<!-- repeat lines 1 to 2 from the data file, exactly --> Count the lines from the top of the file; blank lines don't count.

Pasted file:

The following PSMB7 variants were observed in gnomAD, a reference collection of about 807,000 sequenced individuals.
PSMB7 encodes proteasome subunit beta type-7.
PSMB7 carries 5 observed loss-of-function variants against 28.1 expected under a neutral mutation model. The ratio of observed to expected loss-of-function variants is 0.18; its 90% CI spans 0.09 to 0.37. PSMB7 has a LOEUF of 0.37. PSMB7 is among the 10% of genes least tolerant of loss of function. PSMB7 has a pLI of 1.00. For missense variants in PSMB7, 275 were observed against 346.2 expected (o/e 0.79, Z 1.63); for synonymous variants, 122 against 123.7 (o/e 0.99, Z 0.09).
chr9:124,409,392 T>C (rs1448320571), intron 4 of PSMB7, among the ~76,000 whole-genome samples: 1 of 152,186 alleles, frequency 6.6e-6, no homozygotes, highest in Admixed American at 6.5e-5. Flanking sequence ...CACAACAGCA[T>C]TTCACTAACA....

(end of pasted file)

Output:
The following PSMB7 variants were observed in gnomAD, a reference collection of about 807,000 sequenced individuals.
PSMB7 encodes proteasome subunit beta type-7.